My legs felt weak and I leaned heavily against Elthinor, who supported me without question. Jaiden turned to me.
“What’s going on, Fily?” he asked, sounding a little angry.
“It’s not the entire scroll, Jaiden,” Elthinor said. “You remember what Nolan said when he handed it over.”
“How is that not the end?” he spat, leaping down off the crate and storming over to us. He jammed the scroll into my chest and I grabbed it from him.
“What’s your problem?” I demanded.
“My problem is that I was stupid enough to believe a Strangeling girl that said there was a God who was my Father, and who had a plan for me. All that studying I did, useless, all the time I spent on the subject, gone! I hope you’re happy, Fily.” The way he said my name reminded me of Tynan.
“He’s alive, Jaiden,” I snarled. “I’ve seen him! I’ve talked to him!”
“Now now,” Elyosius said, coming between us. “Let’s calm down, yes?”
“No!” we both shouted and I spun away and raced off.
I was a while outside of town when I saw a young man sitting against a tree, running a stick down a piece of paper. I approached him cautiously and peeked at what he was doing. It was an image of a bird on that piece of paper! He must be an artist, I thought. He paused and looked up.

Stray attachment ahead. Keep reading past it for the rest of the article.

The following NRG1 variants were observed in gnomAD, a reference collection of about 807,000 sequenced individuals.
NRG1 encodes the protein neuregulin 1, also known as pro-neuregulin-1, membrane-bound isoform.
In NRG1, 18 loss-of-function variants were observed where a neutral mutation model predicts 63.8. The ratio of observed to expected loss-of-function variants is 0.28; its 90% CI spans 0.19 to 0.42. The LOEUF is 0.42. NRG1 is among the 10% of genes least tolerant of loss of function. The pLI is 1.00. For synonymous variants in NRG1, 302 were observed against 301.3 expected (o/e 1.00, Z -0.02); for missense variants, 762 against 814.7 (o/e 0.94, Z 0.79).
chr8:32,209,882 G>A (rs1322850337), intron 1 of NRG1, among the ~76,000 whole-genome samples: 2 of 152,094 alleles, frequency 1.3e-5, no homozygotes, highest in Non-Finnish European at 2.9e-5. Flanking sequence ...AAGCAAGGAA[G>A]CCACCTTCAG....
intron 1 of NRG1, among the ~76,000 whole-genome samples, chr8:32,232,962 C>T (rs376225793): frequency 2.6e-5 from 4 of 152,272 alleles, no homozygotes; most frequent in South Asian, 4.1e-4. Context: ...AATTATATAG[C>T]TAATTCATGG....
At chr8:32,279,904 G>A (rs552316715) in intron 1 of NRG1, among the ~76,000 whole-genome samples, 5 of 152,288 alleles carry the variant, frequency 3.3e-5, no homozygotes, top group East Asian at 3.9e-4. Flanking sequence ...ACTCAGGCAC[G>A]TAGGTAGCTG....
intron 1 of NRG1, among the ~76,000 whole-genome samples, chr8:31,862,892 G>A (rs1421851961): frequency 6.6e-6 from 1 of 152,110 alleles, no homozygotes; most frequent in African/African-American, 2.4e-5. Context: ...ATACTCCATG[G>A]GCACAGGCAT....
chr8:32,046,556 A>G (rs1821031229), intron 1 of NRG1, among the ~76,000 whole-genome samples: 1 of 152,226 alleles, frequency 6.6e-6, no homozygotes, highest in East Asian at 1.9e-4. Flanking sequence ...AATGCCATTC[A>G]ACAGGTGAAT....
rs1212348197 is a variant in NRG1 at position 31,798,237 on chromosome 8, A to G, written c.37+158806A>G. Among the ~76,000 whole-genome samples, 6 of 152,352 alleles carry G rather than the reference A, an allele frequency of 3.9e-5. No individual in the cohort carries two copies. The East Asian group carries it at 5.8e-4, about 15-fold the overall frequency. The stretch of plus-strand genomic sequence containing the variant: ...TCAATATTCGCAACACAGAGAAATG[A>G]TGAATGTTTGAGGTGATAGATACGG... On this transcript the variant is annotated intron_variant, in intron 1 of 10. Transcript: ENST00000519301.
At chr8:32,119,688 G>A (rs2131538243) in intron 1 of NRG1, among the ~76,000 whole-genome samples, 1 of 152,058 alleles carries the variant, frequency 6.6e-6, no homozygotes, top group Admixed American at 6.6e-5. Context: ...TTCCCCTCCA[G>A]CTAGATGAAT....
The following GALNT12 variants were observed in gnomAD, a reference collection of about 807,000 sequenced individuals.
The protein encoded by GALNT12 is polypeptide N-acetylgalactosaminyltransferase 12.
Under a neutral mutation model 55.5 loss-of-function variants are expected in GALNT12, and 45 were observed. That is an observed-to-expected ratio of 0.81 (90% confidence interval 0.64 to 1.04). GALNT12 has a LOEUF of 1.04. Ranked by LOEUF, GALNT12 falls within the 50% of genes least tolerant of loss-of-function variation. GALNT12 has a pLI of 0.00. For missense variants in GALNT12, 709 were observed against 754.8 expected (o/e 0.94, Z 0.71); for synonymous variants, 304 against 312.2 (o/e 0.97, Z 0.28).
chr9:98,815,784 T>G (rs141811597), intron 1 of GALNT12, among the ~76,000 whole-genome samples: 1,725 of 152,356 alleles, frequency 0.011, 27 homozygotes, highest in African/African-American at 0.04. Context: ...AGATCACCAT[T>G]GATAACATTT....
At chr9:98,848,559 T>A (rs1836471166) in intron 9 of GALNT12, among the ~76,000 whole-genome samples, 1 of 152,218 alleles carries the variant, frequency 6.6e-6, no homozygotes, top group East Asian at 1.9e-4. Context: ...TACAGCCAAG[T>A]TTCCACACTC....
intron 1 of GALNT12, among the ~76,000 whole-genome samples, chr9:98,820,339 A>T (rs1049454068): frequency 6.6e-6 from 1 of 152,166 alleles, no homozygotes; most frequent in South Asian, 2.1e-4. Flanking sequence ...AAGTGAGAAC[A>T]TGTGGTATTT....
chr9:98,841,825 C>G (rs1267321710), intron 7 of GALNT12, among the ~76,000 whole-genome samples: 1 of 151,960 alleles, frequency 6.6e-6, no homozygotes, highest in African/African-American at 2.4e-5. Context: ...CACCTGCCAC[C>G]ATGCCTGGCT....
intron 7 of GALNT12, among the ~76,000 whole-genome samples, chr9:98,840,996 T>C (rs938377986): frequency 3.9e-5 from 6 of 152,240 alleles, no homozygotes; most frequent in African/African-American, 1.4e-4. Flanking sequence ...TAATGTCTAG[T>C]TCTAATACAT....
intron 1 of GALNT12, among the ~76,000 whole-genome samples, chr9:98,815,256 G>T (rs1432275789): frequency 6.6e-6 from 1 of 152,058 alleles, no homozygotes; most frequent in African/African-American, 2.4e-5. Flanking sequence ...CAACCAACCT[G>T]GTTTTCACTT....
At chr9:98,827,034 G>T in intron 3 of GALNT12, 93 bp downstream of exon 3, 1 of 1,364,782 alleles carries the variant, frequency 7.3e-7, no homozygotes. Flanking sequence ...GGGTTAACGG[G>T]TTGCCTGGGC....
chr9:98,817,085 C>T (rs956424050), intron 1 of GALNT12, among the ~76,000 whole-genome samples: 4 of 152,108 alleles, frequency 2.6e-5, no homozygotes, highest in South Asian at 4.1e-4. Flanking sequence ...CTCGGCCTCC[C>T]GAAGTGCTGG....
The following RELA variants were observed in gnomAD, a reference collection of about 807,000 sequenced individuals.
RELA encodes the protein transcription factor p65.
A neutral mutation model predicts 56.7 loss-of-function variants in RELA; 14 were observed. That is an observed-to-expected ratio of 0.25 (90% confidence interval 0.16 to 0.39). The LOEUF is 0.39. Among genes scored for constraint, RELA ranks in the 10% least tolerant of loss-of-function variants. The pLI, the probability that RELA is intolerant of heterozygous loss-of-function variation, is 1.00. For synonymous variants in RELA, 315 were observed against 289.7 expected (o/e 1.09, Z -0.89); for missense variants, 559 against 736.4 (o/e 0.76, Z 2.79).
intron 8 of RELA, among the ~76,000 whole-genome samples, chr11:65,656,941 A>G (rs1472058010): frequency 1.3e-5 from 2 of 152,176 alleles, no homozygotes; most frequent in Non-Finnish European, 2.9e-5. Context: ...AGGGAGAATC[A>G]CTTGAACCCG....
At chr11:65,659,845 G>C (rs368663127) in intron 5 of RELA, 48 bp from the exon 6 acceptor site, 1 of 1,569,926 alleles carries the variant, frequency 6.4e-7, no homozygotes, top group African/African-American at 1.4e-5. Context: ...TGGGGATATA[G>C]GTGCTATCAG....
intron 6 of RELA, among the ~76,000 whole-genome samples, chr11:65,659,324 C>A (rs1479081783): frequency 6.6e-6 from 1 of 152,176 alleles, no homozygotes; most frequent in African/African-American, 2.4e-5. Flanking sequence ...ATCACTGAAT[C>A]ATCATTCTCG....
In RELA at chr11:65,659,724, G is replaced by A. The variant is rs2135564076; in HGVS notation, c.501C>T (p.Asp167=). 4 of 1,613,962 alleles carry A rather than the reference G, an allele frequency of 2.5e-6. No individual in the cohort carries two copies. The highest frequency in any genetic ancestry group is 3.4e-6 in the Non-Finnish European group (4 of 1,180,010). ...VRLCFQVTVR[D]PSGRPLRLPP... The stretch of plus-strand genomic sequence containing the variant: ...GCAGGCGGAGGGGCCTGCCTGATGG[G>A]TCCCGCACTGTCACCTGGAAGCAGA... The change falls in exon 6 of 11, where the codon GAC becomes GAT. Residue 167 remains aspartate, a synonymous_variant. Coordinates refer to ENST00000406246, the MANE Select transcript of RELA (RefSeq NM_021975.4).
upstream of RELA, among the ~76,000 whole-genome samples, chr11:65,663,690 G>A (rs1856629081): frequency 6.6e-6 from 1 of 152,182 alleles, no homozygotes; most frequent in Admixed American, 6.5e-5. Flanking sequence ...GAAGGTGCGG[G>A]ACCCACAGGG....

I thought for a second. “Could you draw Jesiah?”
“His death on the cross.”
I watched as he took a blank piece of paper and began sketching an outline then filling it in with darker lines. He didn’t need my instruction, it seemed. I should have wondered why, at the time, but I didn’t. He finished in the late afternoon, and handed it over.
“Anything else, milady?” he asked.
“No,” I said distractedly, turning around. The picture looked exactly as Jesiah had in his final moments, minus the color. It was the most gruesome scene I had ever laid eyes on. I was crying as I walked away, then stopped and turned.
There was no sign of him anywhere! He was just gone. I searched for a while then gave up and went to Leah’s house. My father and Aloron were talking animatedly at the table when I walked in. They greeted me.
“Are you alright, my dear? You left quite abruptly,” Aloron said.
“Yes,” I said shortly.
“What have you got there, daughter of mine?” my father asked.
I handed him the paper, and he jerked when he saw it. Aloron moved over to look and he started, too. They studied it, carefully.
“This can’t be him, can it?” my father asked.
“It’s Jesiah,” I said softly.
“This is what it means to be crucified?” Aloron asked weakly.
“Yes. They beat him with canes, whips, and something with broken glass tied on the ends. They mocked him, asking him to tell them who hit him while he was blindfolded, and kept calling him king, though they didn’t mean it at all.”